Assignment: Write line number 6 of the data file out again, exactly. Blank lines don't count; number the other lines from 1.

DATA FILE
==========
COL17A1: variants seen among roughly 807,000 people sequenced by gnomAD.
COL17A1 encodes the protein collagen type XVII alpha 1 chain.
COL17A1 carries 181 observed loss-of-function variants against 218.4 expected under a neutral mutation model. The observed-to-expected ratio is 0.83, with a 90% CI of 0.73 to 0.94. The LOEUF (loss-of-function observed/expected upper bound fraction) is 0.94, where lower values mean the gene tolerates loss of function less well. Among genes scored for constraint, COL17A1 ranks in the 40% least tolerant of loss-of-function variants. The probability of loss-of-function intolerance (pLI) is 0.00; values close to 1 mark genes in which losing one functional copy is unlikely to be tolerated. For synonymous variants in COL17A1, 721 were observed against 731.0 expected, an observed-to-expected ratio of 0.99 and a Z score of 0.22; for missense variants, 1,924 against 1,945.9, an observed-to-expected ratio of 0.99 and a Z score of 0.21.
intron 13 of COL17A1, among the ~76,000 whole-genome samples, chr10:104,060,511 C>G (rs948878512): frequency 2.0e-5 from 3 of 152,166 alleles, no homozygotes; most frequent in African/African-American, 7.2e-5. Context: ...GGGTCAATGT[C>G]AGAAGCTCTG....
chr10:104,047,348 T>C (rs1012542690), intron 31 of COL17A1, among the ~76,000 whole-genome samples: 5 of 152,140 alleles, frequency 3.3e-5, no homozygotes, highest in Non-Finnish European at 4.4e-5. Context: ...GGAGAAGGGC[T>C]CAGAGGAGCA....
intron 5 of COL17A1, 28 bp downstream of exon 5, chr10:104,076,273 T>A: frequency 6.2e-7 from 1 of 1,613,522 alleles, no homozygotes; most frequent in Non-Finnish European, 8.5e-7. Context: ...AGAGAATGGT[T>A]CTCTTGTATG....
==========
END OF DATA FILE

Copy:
intron 5 of COL17A1, 28 bp downstream of exon 5, chr10:104,076,273 T>A: frequency 6.2e-7 from 1 of 1,613,522 alleles, no homozygotes; most frequent in Non-Finnish European, 8.5e-7. Context: ...AGAGAATGGT[T>A]CTCTTGTATG....